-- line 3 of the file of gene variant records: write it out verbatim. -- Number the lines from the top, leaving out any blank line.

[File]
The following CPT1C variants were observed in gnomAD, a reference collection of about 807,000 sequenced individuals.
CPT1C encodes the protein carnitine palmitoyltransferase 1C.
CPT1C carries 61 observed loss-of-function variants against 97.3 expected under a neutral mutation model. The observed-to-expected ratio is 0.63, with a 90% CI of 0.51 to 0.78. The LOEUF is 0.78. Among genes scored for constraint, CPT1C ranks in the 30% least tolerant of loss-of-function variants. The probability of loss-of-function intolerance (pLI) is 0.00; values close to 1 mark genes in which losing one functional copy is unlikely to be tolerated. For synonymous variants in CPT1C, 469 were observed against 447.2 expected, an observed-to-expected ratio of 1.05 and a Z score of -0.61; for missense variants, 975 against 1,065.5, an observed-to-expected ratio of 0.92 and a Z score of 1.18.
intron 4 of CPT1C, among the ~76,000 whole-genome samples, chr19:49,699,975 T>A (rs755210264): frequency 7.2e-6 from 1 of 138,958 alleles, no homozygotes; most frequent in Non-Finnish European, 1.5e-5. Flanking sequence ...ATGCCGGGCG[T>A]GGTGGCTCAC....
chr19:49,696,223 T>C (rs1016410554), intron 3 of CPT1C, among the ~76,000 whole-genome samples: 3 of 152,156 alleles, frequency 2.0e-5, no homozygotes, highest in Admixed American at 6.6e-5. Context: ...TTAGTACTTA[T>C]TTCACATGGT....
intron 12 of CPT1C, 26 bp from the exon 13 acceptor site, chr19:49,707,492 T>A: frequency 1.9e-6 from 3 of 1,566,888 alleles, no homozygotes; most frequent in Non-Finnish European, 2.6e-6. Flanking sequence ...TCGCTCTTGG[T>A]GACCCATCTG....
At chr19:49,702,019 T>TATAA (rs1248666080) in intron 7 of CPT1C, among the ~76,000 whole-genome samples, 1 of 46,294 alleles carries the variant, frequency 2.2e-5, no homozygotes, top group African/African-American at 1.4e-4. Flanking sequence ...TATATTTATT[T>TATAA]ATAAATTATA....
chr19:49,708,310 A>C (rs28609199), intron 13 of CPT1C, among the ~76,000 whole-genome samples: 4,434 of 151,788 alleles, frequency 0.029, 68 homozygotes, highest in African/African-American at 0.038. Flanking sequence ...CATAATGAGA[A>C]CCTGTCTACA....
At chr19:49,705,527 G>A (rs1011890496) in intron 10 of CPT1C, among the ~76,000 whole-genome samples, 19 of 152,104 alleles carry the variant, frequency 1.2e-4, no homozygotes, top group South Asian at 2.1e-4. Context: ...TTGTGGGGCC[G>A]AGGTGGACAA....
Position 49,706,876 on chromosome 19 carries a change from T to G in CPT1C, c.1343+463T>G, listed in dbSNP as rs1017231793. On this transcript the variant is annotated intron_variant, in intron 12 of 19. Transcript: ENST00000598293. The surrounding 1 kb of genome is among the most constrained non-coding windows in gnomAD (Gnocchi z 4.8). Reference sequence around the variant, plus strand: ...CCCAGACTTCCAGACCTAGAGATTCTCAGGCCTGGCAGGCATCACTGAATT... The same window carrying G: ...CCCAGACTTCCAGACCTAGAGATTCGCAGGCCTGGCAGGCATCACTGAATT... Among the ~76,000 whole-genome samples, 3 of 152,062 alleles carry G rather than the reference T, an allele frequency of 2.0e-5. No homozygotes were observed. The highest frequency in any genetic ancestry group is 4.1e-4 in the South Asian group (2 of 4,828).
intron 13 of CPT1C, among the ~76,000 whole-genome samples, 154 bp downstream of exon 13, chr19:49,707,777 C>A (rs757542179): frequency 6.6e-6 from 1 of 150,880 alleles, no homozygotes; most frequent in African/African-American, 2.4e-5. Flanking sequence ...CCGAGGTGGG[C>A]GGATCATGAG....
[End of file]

CPT1C carries 61 observed loss-of-function variants against 97.3 expected under a neutral mutation model. The observed-to-expected ratio is 0.63, with a 90% CI of 0.51 to 0.78. The LOEUF is 0.78. Among genes scored for constraint, CPT1C ranks in the 30% least tolerant of loss-of-function variants. The probability of loss-of-function intolerance (pLI) is 0.00; values close to 1 mark genes in which losing one functional copy is unlikely to be tolerated. For synonymous variants in CPT1C, 469 were observed against 447.2 expected, an observed-to-expected ratio of 1.05 and a Z score of -0.61; for missense variants, 975 against 1,065.5, an observed-to-expected ratio of 0.92 and a Z score of 1.18.